Meat Dreams: Beef Fantasy’s “O.K.U.” Featuring Marina

There exist two Oku stations in Japan…one in Okayama prefecture, and one right before Ueno station in Tokyo. Given that Beef Fantasy hails from Saitama, it feels safe to say that “O.K.U” — and the sample opening up the song — comes from the capital. It appears to be a pretty boring station, which might explain why Beef Fantasy and singer Marina turned it into an acronym (“Oblivion Knows Universe”) and made the actual track a bouncy hip-hop-inspired song, complete with rap interludes. It’s an extremely playful song — Beef Fantasy throws in all sorts of nifty sounds to complete the summery skip, while Marina talks underneath the track and, at one point, breaks down laughing after trying to rap. It’s a charming little detail, but this isn’t pure goofing around. “O.K.U.” sounds focuses on being laid back, and even the little smudges on the edges seem deliberate (and this song features lyrical contributions from may.e, one of Japan’s finest going). Sorry titular station, but this one is a definite improvement on its namesake. Listen above.

New Tofubeats: “Stakeholder”

Kobe’s Tofubeats is a child of the internet, and the EPs and albums he’s released thus far in his career…both as bedroom uploader and major-label signing…have reflected this attention-deprived upbringing, one where you are always a “related video” away from falling down some new hole. His full-lengths jump all over the place, zipping from synth pop to rap to dance tracks, an approach never clearer than on last year’s First Album, which was a whirlwind of styles and sounds. Tofubeats still resides on the edges of mainstream J-pop, but that he’s there at all is incredible and a welcome, wild addition to the aisles at Tower Records.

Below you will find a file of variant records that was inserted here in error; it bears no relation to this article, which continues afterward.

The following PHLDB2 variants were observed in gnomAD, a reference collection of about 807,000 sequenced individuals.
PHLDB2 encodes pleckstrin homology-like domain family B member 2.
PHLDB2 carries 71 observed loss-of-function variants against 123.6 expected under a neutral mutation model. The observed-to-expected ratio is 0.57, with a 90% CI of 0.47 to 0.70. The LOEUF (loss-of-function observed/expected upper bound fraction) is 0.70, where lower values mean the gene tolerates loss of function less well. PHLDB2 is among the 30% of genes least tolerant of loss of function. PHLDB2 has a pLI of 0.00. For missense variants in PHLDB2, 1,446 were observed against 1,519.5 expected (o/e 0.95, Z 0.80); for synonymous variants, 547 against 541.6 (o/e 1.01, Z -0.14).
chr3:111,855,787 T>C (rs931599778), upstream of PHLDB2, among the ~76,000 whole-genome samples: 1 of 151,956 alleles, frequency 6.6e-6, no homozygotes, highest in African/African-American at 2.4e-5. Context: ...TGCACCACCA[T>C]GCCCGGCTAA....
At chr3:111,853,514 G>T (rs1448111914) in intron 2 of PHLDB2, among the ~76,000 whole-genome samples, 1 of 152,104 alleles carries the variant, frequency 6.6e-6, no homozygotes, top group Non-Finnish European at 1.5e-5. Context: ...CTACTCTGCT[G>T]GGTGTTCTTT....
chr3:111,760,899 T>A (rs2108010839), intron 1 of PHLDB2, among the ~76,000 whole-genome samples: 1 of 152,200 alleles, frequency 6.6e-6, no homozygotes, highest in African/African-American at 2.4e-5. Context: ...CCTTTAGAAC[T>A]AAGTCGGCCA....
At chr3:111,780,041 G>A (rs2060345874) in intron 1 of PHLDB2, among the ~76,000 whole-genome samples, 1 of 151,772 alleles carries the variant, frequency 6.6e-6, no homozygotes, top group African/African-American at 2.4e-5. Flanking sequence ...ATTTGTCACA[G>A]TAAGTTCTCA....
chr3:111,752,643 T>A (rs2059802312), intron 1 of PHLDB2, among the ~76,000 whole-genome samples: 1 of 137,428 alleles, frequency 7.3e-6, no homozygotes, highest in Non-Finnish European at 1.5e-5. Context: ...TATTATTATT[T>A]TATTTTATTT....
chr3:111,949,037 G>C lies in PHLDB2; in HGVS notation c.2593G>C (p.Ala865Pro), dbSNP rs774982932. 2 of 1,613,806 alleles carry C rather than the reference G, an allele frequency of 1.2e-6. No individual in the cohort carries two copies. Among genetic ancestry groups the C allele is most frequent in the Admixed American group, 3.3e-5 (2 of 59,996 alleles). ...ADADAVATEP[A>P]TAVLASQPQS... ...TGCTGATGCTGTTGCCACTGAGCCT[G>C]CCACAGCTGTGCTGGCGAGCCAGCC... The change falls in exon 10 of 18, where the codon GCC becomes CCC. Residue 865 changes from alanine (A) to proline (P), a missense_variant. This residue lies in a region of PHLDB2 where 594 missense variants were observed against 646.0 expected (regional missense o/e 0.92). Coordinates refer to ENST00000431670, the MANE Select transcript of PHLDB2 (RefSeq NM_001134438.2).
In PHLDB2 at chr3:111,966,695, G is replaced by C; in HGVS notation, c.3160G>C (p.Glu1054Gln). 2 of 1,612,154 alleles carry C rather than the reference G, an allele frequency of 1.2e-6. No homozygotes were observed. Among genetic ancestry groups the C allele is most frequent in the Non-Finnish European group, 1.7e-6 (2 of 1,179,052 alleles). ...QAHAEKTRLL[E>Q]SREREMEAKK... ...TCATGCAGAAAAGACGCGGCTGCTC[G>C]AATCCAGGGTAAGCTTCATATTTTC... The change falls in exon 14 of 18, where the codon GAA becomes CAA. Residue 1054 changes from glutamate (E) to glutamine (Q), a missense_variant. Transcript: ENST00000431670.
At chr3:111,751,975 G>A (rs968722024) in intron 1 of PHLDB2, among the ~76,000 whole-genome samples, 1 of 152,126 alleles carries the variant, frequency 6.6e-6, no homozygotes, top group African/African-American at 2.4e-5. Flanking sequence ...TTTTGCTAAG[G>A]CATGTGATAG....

His Stakeholder EP, out April 1, is a big leap forward from Tofubeats, and even though I’ve only had a copy of it for about a month, I think it is the best overall release he’s managed yet. Last Album and the year prior’s Lost Decade were wonky and fun, but featured moments that felt alright to skip over…if you get bored of one YouTube video, you just go find something else, right? Stakeholder packs the pinball-like nature of Tofubeats’ albums into individual songs, every track here (even the silly “Sitcom” intro) hitting on a bunch of ideas but in a way where it all clicks just right.

The title track — a video for it was released tonight — highlights this step up well. It goes from cheesy intro to a laid-back bounce before hinting a drop…that is far sweeter than expected. Tofubeats has never been shy about dropping in as many sounds as he can into a song, but I’m not sure they fall into place just right as they do on “Stakeholder.” And come the chorus, he’s drizzled himself in an especially warm bit of electro manipulation. I don’t know if the Internet is destroying are collective attention spans or whether all those people older than me are just old, but “Stakeholder” shows a scattered mind can be corralled into something fantastic. Listen above.